More than 90 percent of taxpayers go to a tax preparer or use tax software to file their returns, estimated Jim Buttonow, a 20-year IRS veteran who is now vice president of products for New River Innovation, a tax-technology company.
• Last year, the agency received 137 million returns.
• Electronic filing increased by 6.2 percent to 113 million in 2012, an upward trend that tax experts expect to continue.
• Nearly 104 million people received refunds last year totaling about $283 billion. The average refund was $2,707, slightly less than the year before, the IRS said.
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• The standard deduction has been adjusted higher for inflation, to $11,900 for married couples filing jointly, $8,700 for heads of households and $5,950 for singles. About two-thirds of taxpayers claim the standard deduction, said Barbara Weltman, an author of J.K. Lasser’s Tax Guide 2013.
• Each personal exemption is worth $3,800 for 2012, up from $3,700 in 2011.
• There also are higher mileage-rate deductions — 55.5 cents per mile if you use your car for business, 23 cents per mile for moving or medical issues and 14 cents a mile for charity.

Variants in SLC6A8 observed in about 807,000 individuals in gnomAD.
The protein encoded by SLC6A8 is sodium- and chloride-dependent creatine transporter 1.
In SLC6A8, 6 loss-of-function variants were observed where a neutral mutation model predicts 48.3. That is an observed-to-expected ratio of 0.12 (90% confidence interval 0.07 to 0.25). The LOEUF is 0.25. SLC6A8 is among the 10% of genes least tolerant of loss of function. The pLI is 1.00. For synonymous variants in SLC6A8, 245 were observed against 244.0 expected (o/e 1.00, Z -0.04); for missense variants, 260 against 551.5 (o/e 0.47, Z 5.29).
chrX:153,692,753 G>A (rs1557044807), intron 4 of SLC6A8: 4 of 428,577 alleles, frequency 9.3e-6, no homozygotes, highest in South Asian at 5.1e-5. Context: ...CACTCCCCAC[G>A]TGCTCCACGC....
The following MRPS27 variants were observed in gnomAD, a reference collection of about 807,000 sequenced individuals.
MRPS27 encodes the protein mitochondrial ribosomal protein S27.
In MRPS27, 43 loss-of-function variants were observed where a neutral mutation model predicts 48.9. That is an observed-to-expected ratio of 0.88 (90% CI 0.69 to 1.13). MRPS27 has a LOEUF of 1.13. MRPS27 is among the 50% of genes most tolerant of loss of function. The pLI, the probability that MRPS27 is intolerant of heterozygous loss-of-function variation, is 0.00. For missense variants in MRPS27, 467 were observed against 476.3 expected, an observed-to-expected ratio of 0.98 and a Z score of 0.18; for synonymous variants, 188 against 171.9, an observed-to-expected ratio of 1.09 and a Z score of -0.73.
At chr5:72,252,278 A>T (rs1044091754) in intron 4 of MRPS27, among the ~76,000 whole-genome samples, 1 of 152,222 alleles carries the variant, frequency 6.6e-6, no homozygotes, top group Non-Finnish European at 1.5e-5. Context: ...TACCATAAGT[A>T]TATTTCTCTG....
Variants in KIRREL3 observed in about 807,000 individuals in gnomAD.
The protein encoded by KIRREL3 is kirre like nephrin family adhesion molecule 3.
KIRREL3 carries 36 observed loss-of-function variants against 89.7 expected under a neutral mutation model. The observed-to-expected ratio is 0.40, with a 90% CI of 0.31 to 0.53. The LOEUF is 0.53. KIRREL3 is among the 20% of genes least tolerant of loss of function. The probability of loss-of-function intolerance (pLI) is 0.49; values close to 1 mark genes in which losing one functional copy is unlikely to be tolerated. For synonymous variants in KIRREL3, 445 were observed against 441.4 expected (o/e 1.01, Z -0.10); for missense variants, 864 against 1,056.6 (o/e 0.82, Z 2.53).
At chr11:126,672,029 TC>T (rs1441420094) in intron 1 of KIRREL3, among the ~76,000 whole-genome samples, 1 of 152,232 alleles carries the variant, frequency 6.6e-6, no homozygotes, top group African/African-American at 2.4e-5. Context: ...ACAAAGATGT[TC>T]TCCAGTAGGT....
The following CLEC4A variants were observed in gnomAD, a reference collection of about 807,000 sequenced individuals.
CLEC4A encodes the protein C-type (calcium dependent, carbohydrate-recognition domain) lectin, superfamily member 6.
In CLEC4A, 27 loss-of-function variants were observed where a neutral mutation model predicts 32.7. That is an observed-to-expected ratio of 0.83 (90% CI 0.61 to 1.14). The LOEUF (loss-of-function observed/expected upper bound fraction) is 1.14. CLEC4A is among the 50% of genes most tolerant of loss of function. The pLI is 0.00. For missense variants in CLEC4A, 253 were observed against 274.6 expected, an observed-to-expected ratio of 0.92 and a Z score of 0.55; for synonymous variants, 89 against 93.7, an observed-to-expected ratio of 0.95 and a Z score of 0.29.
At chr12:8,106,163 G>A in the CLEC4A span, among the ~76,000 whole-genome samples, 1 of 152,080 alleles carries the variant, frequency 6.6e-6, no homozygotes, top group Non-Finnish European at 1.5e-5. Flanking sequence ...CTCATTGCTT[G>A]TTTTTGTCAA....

• Capital-gains rates are unchanged from 2011 — a maximum of 15 percent for assets held more than a year.
• You can contribute up to $5,000 to a traditional individual retirement account — $6,000 for people age 50 and older — and reduce income by that amount. If you haven’t made a contribution yet, there’s still time. You have until April 15, the tax-filing deadline.
• The alternative-minimum-tax exemption is $50,600 for unmarried individuals and $78,750 for joint filers.
• The American Opportunity Tax Credit can be worth as much as $2,500 for college tuition. The credit, which can be claimed for each of the first four years of college, was extended through 2017.
• Taxpayers will have the choice of deducting state and local sales taxes instead of state and local income taxes. This is especially important to residents of states such as Washington, which doesn’t have an income tax.